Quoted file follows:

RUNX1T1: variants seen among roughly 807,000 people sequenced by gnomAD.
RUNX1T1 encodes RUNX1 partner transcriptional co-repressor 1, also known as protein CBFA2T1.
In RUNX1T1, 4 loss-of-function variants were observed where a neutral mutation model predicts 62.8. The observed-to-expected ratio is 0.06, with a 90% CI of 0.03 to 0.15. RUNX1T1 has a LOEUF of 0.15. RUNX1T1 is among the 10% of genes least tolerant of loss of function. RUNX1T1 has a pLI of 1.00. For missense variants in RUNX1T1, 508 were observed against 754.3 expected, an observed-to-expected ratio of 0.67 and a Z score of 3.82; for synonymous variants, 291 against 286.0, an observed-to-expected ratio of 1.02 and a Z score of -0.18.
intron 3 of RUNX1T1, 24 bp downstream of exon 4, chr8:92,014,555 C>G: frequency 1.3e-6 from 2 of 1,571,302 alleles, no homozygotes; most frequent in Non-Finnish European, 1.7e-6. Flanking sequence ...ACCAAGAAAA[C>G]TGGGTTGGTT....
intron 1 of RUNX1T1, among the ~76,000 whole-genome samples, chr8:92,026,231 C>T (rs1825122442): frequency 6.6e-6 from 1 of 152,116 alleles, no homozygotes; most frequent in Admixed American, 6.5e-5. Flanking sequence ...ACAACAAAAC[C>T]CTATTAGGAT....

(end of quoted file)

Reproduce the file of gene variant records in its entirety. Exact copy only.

RUNX1T1: variants seen among roughly 807,000 people sequenced by gnomAD.
RUNX1T1 encodes RUNX1 partner transcriptional co-repressor 1, also known as protein CBFA2T1.
In RUNX1T1, 4 loss-of-function variants were observed where a neutral mutation model predicts 62.8. The observed-to-expected ratio is 0.06, with a 90% CI of 0.03 to 0.15. RUNX1T1 has a LOEUF of 0.15. RUNX1T1 is among the 10% of genes least tolerant of loss of function. RUNX1T1 has a pLI of 1.00. For missense variants in RUNX1T1, 508 were observed against 754.3 expected, an observed-to-expected ratio of 0.67 and a Z score of 3.82; for synonymous variants, 291 against 286.0, an observed-to-expected ratio of 1.02 and a Z score of -0.18.
intron 3 of RUNX1T1, 24 bp downstream of exon 4, chr8:92,014,555 C>G: frequency 1.3e-6 from 2 of 1,571,302 alleles, no homozygotes; most frequent in Non-Finnish European, 1.7e-6. Flanking sequence ...ACCAAGAAAA[C>G]TGGGTTGGTT....
intron 1 of RUNX1T1, among the ~76,000 whole-genome samples, chr8:92,026,231 C>T (rs1825122442): frequency 6.6e-6 from 1 of 152,116 alleles, no homozygotes; most frequent in Admixed American, 6.5e-5. Flanking sequence ...ACAACAAAAC[C>T]CTATTAGGAT....